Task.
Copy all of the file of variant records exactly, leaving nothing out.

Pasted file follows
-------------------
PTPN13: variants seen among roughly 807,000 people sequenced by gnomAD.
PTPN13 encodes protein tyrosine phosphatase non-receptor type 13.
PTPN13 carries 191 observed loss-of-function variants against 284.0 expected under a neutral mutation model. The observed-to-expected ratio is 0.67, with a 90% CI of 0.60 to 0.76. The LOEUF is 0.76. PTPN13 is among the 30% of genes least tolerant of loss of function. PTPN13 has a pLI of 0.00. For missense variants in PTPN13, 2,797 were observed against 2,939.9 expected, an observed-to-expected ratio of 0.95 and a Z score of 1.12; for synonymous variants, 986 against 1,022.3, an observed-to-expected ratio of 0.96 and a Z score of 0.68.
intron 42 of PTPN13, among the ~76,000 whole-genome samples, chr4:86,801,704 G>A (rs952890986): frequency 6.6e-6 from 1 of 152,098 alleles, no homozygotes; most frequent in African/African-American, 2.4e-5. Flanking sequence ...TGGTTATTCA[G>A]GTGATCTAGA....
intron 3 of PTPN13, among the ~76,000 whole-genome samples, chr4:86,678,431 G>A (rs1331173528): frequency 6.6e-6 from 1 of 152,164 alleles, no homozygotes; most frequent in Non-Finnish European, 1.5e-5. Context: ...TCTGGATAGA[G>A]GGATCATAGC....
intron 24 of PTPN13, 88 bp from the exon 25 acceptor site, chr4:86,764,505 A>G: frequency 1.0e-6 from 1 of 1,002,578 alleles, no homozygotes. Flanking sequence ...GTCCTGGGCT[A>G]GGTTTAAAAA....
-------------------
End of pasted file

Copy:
PTPN13: variants seen among roughly 807,000 people sequenced by gnomAD.
PTPN13 encodes protein tyrosine phosphatase non-receptor type 13.
PTPN13 carries 191 observed loss-of-function variants against 284.0 expected under a neutral mutation model. The observed-to-expected ratio is 0.67, with a 90% CI of 0.60 to 0.76. The LOEUF is 0.76. PTPN13 is among the 30% of genes least tolerant of loss of function. PTPN13 has a pLI of 0.00. For missense variants in PTPN13, 2,797 were observed against 2,939.9 expected, an observed-to-expected ratio of 0.95 and a Z score of 1.12; for synonymous variants, 986 against 1,022.3, an observed-to-expected ratio of 0.96 and a Z score of 0.68.
intron 42 of PTPN13, among the ~76,000 whole-genome samples, chr4:86,801,704 G>A (rs952890986): frequency 6.6e-6 from 1 of 152,098 alleles, no homozygotes; most frequent in African/African-American, 2.4e-5. Flanking sequence ...TGGTTATTCA[G>A]GTGATCTAGA....
intron 3 of PTPN13, among the ~76,000 whole-genome samples, chr4:86,678,431 G>A (rs1331173528): frequency 6.6e-6 from 1 of 152,164 alleles, no homozygotes; most frequent in Non-Finnish European, 1.5e-5. Context: ...TCTGGATAGA[G>A]GGATCATAGC....
intron 24 of PTPN13, 88 bp from the exon 25 acceptor site, chr4:86,764,505 A>G: frequency 1.0e-6 from 1 of 1,002,578 alleles, no homozygotes. Flanking sequence ...GTCCTGGGCT[A>G]GGTTTAAAAA....